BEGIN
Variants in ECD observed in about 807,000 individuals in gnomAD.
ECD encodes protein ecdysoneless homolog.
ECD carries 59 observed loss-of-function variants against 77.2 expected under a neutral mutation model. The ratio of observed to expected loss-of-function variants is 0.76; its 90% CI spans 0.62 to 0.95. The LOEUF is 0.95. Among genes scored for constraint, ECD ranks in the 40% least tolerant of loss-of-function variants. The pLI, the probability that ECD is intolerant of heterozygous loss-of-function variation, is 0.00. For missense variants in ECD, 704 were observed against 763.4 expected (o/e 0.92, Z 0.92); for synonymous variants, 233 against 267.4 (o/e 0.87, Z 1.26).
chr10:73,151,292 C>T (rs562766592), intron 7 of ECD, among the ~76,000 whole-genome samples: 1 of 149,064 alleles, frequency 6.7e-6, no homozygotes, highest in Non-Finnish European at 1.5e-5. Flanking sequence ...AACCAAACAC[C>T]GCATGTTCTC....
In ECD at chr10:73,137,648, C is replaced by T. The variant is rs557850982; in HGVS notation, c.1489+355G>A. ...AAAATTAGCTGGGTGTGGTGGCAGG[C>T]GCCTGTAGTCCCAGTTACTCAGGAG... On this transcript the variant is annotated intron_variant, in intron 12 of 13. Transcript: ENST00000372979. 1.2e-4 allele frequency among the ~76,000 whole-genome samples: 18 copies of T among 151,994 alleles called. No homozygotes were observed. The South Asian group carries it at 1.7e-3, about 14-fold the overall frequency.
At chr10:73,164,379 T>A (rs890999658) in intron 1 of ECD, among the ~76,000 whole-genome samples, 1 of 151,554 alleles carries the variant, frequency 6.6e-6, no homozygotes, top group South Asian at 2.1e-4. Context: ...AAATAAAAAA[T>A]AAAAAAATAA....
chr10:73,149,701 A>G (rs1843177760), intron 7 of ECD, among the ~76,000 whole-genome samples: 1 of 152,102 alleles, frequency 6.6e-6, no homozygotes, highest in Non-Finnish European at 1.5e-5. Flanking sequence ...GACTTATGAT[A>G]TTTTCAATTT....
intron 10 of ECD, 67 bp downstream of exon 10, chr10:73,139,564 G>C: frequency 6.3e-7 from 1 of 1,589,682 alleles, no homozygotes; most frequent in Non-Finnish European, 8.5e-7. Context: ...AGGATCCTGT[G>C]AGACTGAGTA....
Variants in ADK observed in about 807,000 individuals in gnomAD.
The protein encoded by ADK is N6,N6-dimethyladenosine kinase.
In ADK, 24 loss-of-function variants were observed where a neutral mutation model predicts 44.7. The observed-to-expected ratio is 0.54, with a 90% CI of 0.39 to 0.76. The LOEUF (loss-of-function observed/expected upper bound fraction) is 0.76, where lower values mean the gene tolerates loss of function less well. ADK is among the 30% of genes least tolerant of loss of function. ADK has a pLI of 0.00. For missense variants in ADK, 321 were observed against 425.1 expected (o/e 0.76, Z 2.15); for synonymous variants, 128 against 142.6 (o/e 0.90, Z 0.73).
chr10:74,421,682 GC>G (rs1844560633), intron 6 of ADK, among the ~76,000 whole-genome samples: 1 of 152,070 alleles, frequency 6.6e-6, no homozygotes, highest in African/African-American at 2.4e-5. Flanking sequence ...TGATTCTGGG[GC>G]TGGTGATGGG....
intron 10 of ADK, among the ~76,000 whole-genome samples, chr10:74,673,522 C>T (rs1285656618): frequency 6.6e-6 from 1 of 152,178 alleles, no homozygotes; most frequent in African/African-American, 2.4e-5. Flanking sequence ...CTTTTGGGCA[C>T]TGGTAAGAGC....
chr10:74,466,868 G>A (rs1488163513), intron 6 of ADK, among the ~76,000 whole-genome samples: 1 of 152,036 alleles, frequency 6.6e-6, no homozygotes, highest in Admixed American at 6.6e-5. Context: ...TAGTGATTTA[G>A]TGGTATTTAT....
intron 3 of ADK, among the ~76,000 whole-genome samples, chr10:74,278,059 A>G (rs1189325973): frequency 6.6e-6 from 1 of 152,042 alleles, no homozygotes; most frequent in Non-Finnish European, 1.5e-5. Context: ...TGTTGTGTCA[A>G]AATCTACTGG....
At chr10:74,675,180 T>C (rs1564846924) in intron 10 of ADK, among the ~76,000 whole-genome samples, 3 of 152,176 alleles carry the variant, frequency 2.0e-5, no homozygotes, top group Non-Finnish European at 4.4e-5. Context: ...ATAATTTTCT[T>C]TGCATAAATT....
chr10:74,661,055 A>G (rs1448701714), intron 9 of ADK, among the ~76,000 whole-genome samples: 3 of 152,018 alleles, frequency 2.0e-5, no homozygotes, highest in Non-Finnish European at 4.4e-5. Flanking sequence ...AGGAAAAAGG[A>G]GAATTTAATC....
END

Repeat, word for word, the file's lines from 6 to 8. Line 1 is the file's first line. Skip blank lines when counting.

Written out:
At chr10:73,164,379 T>A (rs890999658) in intron 1 of ECD, among the ~76,000 whole-genome samples, 1 of 151,554 alleles carries the variant, frequency 6.6e-6, no homozygotes, top group South Asian at 2.1e-4. Context: ...AAATAAAAAA[T>A]AAAAAAATAA....
chr10:73,149,701 A>G (rs1843177760), intron 7 of ECD, among the ~76,000 whole-genome samples: 1 of 152,102 alleles, frequency 6.6e-6, no homozygotes, highest in Non-Finnish European at 1.5e-5. Flanking sequence ...GACTTATGAT[A>G]TTTTCAATTT....
intron 10 of ECD, 67 bp downstream of exon 10, chr10:73,139,564 G>C: frequency 6.3e-7 from 1 of 1,589,682 alleles, no homozygotes; most frequent in Non-Finnish European, 8.5e-7. Context: ...AGGATCCTGT[G>C]AGACTGAGTA....